JobSearchCoachingHQ.com offers great advice for job hunters—videos, my books and guides to job hunting, podcasts, articles, PLUS a community for you to ask questions of PLUS the ability to ask me questions where I function as your ally with no conflict of interest answering your questions.  

Connect with me on LinkedIn. Like me on Facebook.

Join and attend my classes on Skillshare. Become a premium member and get 2 months free.

You can order a copy of “Diagnosing Your Job Search Problems” for Kindle on Amazon and receive free Kindle versions of “No BS Resume Advice” and “Interview Preparation.” If you are starting your search, order, “Get Ready for the Job Jungle.”

Don’t forget to give the show 5 stars and a good review in iTunes

If you want to know how to win more interviews, order “Winning Interviews.” You’ll learn how to win phone interviews, in-person interviews, the best question to ask on any interview and more.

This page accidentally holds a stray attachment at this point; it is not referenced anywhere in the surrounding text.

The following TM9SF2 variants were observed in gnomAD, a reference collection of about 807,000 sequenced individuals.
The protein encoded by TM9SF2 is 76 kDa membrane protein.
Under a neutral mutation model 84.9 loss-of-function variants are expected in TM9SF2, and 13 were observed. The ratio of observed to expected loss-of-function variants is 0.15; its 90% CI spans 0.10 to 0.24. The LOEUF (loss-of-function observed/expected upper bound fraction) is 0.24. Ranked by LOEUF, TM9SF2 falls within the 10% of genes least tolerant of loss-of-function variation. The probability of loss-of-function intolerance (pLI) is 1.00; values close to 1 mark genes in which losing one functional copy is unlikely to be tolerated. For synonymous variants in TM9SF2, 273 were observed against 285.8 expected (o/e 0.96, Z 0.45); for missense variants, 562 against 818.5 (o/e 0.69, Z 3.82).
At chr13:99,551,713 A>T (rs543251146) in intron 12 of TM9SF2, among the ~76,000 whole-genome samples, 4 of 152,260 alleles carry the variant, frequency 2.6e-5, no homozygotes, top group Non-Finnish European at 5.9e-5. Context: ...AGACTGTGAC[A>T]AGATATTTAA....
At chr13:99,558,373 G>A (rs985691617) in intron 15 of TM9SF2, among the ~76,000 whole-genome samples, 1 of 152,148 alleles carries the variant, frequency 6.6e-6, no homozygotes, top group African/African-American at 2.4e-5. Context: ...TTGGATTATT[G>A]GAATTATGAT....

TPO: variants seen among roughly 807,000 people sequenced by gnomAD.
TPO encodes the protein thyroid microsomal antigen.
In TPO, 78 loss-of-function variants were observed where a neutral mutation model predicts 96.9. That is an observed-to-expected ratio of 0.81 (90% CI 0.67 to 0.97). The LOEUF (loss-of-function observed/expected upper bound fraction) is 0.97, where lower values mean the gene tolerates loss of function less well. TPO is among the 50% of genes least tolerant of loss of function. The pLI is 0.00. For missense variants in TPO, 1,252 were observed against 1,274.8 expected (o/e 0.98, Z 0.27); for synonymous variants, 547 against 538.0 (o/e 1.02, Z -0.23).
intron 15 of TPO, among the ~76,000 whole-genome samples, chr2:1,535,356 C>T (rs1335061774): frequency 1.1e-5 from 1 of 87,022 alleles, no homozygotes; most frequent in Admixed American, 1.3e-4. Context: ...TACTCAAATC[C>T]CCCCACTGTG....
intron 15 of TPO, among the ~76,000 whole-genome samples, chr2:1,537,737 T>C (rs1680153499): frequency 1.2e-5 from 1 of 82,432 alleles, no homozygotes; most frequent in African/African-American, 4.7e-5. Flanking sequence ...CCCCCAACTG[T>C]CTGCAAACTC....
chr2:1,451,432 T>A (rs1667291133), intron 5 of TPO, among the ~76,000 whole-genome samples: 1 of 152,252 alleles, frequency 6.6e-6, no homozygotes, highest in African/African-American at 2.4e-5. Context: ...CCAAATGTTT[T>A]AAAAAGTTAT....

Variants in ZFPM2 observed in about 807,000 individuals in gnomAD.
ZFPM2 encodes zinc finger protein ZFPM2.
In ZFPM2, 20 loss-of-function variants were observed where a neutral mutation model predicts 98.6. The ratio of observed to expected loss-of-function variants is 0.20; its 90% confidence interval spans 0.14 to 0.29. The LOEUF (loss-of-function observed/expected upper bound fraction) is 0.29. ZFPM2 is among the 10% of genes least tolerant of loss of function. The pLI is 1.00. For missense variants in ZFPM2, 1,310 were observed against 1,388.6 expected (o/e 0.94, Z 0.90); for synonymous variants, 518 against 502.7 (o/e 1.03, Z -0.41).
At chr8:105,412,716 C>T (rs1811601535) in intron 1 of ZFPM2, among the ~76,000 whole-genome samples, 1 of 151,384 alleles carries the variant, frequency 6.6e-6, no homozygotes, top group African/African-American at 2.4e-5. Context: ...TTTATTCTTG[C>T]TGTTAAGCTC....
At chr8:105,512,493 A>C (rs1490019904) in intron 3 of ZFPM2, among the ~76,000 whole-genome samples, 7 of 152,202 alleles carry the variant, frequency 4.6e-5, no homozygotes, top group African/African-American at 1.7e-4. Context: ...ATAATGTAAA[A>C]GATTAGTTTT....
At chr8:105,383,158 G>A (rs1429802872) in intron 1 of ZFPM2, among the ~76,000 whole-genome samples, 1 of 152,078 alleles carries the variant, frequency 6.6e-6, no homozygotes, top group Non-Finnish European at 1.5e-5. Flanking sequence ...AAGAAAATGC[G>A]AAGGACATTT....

Would you like to talk through a salary negotiation or potential negotiation you’re involved with? Order and schedule time with me.

Do you have questions or would like advice about networking or any aspect of your search. Order and schedule time with me.

Would you like me to critique your resume. Order a critique from me

For more about LinkedIn, order “Stacked: Double Your Job Interviews, Leverage Recruiters and Unlock LinkedIn.”

Jeff’s Kindle book, “You Can Fix Stupid: No BS Hiring Advice,” is available on Amazon.

Executive Job Search | NoBSJobSearchAdvice.com

EP 1079 You won’t find a job or use the same tactics as when you were starting out or even a manager.